I have always loved water. The moment I see a waterfall or a stream, it is off with the clothes (Well! Not all of them!) and into the water in a jiffy for me. This idiosyncrasy of mine has lead to fellow-trekkers calling me anything from a Water-rat (on the few occasions when I had shed weight) to a Hippopotamus. Eventually, they settled for a buffalo, since that accommodating animal comes in all sizes and shapes like detergent packs. All these comments were like – er – water of a duck’s back for me and made no impression on my penchant for sullying the water with my presence.
As I said, I love water. Water, unfortunately, did not seem to reciprocate the feeling. Or, maybe, it loved me so much that it could not bear to part with me. Whatever may be the motive, at the slightest opportunity I would be sinking like a stone. This it is that has destroyed all my belief in the educational system. I was told about something called buoyancy at school – it never seemed to work for me.
It is not that I did not try to learn swimming. I did go once to the swimming pool in Neyveli. My friends left me holding the edge and kicking at the water at the 3M end and went off to disport themselves in the deeper end of the pool. Having duly kicked at the water for a quarter of an hour and ‘swum’ around in the 3M end for a few minutes, I knew I had mastered swimming. It was time to try out the 6M portion.
An instant after entering the deeper portion, I knew my belief in my swimming prowess was grossly misplaced. My swimming abilities seemed to work more in the vertical direction than the horizontal. In one of my brief visits to the atmosphere I managed to see the edge of the pool a couple of feet away. Thrashing around in the water like an animal caught in the trap seemed to get me no closer to that haven. Around the time when I had decided that I would be making my home permanently in the water concrete scraped my scalp and I made a desperate clutch at it.
“You do not seem to have learnt anything about swimming”, jeered a friend!
I was indignant. “I know swimming! It is only that when I start moving my hands and feet, I keep going down”
“Ah! So that is what you call ‘swimming’! We normal mortals call it ‘drowning’!”
That probably accounts for the fact that I never ever went for a second swimming lesson. The jeers and catcalls of that day echoed in my mind every time I saw a swimming pool.
I may have developed a phobia for swimming pools but that did not expand to encompass water in all forms. Getting into the water has always been my chief pleasure on treks – particularly the sweaty South Indian treks where the cool flow of water on the body is an indescribable pleasure after a tiring and hot trek.
The rapids on the way up to Sathuragiri are a great pleasure to see as well as to dip in. I was trekking with Vinod in the area and both of us being water-babies we were into the water almost as soon as we sighted the rapids. Vinod, unlike me, swam like a fish and he had taken off into the deep end of a pool of water.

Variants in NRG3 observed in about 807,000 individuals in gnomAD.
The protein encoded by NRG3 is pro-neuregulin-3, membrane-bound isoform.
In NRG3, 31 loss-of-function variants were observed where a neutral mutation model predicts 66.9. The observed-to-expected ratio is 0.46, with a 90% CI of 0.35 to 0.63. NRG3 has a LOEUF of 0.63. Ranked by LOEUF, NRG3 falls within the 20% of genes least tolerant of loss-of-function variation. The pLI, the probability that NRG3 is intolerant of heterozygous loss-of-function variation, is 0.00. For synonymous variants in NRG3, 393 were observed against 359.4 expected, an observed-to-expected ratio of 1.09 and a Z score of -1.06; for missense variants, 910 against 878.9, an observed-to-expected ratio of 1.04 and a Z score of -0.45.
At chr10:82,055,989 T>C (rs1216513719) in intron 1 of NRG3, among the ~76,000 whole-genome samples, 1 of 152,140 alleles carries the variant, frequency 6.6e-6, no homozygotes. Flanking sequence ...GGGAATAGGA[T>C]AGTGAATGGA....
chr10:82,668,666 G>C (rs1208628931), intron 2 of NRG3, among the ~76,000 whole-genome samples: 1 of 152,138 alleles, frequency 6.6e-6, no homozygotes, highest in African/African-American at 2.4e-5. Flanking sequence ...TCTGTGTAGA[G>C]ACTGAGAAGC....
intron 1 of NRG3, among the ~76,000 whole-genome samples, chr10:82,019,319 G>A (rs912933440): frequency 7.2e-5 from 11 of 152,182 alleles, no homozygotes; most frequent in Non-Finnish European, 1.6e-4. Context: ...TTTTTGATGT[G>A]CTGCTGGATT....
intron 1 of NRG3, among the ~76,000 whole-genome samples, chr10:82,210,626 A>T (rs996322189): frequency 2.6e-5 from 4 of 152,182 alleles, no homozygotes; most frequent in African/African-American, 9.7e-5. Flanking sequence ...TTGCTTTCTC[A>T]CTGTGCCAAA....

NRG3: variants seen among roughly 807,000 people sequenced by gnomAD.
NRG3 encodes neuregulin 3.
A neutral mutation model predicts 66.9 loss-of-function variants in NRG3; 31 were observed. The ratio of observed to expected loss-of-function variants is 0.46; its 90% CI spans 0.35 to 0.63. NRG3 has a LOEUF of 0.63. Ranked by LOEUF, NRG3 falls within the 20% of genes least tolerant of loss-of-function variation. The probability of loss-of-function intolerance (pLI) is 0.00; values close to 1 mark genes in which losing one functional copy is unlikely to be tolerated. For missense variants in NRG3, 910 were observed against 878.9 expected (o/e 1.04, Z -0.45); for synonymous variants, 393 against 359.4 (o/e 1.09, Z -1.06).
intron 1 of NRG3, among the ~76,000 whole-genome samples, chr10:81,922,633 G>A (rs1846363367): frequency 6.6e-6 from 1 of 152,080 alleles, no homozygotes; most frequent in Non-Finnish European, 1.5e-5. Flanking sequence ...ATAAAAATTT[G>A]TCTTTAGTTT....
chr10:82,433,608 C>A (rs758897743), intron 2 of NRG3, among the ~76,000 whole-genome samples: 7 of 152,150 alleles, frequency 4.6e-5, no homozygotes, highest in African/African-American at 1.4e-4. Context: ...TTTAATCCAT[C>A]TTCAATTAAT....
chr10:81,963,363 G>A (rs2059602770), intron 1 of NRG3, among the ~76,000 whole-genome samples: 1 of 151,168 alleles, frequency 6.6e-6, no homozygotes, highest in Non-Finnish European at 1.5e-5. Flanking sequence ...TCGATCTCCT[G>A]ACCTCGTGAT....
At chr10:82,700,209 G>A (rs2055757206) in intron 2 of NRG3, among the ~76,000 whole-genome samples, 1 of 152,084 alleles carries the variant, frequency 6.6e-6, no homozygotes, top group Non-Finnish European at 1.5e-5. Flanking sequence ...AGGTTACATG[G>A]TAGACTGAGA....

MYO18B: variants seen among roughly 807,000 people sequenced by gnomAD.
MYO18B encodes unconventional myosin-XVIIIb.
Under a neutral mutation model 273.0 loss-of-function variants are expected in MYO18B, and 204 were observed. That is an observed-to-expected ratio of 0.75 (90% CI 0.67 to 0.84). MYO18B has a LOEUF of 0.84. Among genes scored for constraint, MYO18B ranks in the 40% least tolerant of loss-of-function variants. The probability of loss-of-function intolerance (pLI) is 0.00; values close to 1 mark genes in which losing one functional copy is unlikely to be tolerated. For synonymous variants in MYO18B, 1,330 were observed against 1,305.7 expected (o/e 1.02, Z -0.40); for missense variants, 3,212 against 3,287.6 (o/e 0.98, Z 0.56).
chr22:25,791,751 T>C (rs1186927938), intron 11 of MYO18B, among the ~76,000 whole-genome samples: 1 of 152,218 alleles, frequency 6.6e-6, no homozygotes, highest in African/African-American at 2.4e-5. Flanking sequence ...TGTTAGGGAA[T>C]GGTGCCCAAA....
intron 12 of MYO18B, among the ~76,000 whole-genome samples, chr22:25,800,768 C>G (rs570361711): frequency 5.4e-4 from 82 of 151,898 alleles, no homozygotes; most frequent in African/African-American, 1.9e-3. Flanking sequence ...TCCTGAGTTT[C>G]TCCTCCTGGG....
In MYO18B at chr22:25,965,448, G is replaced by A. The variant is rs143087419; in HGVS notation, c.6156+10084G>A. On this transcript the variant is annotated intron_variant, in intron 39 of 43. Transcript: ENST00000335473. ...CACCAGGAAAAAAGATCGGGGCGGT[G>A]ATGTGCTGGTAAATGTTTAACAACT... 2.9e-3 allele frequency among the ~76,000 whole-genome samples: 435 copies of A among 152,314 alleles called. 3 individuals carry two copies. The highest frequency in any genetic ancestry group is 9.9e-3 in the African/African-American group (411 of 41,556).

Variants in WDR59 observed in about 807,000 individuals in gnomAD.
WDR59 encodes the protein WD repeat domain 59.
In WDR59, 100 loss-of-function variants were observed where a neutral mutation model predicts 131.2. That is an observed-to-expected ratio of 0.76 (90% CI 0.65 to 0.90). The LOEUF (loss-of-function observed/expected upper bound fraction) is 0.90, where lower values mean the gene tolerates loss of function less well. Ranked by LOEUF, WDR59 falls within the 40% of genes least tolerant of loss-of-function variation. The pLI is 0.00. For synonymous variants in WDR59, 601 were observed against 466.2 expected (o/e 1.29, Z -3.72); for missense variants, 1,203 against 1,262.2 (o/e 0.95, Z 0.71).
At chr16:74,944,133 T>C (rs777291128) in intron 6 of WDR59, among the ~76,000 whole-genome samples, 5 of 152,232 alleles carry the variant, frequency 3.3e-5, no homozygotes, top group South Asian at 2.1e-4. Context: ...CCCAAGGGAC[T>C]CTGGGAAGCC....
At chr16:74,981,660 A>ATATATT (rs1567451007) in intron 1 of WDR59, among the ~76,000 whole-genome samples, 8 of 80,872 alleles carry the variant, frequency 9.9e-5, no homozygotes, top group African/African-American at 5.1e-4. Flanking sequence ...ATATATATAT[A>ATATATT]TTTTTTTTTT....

I was at the other end feeling my way gingerly towards the mini-waterfall that was so enticing that I could not resist trying to stand under it. One moment I was in firm ground and the next I was in over my head and spun around by the current. I knew I was probably inches from safe ground but when the water spat me up, I could not see which way it was. The second time up allowed me even lesser time to orient myself before I was back in the loving arms of the water.
It seemed sort of silly to be dying because you were ashamed to call for help. So, the third time round I called, “Vinod!” and I was back under the water. The fourth time all I could manage was, ‘Vi..glug..glug!” and I was back inside.
The fifth time only my eyes were out of the water and I caught a glimpse of Vinod hunting – for me, as it seemed – at his end of the pool! Huh! It is probably a telling comment on me but, instead of having my entire life passing before my eyes, I could only remember the tale of the man who lost a jewel in the forest and hunted for it under the streetlights of his town because the forest would be too dark to search in and, so, he preferred searching for it where there was light! It seemed like Vinod was trying to save me from his end of the pool because it was inconvenient to actually come over to the end where I was drowning.
Vinod did come over and pull me out to safety eventually. I learnt that his rudraksh-mala had fallen in and he was hunting for it. God must have some sort of soft corner for me as he is reputed to have for all fools. Had it taken Vinod a couple more minutes to find his belonging, he would probably have come out triumphantly saying, “Eureka” to me as I peacefully floated by with all my cares drowned in a couple of lungsful of water! Or, worse still, he would have had to save me by giving me the kiss of life. To be kissed by Vinod! Ewww! I would rather be dead! (And, quite possibly, so would he!)
With water’s persistent attempts at translating me to a Higher Reality, you would assume that I stay safely at a distance from any water that is not safely trapped in a bottle. Not so! I still take the same pleasure in jumping into the water at the least provocation. Not for nothing do my friends and relatives doubt my sanity!